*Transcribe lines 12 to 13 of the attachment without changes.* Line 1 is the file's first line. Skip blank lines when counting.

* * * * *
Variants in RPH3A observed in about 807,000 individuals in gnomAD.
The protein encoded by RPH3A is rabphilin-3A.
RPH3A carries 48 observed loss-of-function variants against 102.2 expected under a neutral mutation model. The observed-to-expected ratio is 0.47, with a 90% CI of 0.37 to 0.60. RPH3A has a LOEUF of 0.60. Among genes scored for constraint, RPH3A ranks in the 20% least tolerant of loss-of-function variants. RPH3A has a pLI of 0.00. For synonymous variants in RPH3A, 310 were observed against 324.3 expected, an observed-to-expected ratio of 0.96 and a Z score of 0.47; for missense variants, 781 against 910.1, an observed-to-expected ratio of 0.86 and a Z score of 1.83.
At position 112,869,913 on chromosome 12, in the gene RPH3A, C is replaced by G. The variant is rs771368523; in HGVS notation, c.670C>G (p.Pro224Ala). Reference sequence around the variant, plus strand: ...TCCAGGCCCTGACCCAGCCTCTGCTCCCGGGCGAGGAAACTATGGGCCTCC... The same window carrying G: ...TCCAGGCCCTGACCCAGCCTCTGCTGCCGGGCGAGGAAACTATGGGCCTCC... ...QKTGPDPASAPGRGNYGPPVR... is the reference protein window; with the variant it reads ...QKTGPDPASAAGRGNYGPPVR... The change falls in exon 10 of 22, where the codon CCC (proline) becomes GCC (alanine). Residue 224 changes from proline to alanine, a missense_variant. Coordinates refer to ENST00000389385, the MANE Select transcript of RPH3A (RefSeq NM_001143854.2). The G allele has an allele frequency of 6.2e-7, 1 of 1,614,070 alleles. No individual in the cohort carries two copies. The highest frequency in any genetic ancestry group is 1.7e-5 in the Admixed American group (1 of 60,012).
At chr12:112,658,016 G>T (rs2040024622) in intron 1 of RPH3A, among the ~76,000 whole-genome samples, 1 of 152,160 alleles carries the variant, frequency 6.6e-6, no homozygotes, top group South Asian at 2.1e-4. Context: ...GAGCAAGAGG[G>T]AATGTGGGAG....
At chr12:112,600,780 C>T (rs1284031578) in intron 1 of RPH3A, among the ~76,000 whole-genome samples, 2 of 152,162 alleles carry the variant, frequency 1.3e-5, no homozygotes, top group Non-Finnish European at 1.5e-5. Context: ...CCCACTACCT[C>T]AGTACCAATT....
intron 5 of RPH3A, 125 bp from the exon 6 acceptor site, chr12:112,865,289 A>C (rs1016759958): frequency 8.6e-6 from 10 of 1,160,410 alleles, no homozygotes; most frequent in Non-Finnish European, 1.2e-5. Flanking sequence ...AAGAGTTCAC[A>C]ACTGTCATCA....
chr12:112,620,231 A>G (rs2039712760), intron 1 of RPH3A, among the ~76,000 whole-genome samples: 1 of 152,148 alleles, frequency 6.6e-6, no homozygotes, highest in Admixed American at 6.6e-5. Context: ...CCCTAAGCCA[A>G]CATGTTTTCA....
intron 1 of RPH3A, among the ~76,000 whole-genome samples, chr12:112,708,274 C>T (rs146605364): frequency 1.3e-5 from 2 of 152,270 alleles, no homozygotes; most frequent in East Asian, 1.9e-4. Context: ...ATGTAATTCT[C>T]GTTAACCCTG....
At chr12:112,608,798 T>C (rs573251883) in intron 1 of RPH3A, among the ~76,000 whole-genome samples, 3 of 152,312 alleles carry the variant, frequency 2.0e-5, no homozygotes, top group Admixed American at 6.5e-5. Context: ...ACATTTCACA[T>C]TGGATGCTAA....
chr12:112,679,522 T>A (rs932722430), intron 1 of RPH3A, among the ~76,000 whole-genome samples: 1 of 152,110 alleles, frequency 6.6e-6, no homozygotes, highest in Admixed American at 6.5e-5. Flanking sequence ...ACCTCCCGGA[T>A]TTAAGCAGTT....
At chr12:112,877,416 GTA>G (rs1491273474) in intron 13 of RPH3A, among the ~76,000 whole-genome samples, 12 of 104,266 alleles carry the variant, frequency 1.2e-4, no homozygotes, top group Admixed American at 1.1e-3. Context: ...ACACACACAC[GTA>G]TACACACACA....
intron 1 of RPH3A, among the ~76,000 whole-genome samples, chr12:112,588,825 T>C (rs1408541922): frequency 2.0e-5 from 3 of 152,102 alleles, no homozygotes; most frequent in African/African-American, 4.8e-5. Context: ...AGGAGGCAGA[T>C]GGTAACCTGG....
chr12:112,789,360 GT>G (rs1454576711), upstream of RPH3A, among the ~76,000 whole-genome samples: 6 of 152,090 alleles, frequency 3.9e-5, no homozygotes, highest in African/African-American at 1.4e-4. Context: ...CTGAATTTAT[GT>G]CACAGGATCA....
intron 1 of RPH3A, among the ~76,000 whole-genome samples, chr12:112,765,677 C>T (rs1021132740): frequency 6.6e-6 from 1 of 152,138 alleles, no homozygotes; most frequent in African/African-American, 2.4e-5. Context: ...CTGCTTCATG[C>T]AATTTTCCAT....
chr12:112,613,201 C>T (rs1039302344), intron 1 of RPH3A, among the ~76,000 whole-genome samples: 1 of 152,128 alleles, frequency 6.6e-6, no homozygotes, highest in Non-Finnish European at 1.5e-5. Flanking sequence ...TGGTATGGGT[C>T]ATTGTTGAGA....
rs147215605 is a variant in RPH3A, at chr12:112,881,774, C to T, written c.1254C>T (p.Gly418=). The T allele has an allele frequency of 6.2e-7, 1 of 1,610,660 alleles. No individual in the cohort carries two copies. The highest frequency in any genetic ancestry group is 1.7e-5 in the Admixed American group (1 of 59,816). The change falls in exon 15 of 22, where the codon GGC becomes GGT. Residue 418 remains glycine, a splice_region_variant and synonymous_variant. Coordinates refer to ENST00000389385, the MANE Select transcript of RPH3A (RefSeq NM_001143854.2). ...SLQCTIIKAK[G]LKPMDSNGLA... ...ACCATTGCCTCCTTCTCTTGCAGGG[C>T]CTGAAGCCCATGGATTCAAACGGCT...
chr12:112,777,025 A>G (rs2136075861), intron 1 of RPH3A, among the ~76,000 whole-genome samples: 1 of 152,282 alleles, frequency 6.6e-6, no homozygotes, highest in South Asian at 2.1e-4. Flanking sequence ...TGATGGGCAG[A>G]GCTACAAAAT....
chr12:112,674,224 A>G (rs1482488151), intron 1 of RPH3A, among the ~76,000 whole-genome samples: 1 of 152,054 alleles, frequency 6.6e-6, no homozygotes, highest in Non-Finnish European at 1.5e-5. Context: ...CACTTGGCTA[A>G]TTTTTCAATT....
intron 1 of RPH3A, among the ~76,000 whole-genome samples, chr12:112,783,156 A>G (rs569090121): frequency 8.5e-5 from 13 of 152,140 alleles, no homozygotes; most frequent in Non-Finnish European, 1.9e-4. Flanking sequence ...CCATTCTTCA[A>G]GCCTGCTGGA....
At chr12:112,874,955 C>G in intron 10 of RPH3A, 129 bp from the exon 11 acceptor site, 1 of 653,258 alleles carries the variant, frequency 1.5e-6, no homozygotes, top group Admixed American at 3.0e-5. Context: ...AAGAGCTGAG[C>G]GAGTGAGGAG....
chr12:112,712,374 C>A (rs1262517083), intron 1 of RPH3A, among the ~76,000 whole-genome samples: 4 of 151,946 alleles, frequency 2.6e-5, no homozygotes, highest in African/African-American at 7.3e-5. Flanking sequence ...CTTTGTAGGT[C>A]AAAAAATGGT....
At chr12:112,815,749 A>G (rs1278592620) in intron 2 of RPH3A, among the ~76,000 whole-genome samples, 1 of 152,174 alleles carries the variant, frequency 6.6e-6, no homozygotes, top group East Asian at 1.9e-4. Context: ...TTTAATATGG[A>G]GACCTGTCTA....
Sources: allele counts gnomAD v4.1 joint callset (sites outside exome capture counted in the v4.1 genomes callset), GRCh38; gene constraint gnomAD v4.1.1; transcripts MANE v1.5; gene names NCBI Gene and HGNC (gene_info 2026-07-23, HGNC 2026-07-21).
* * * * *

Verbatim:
At chr12:112,877,416 GTA>G (rs1491273474) in intron 13 of RPH3A, among the ~76,000 whole-genome samples, 12 of 104,266 alleles carry the variant, frequency 1.2e-4, no homozygotes, top group Admixed American at 1.1e-3. Context: ...ACACACACAC[GTA>G]TACACACACA....
intron 1 of RPH3A, among the ~76,000 whole-genome samples, chr12:112,588,825 T>C (rs1408541922): frequency 2.0e-5 from 3 of 152,102 alleles, no homozygotes; most frequent in African/African-American, 4.8e-5. Context: ...AGGAGGCAGA[T>C]GGTAACCTGG....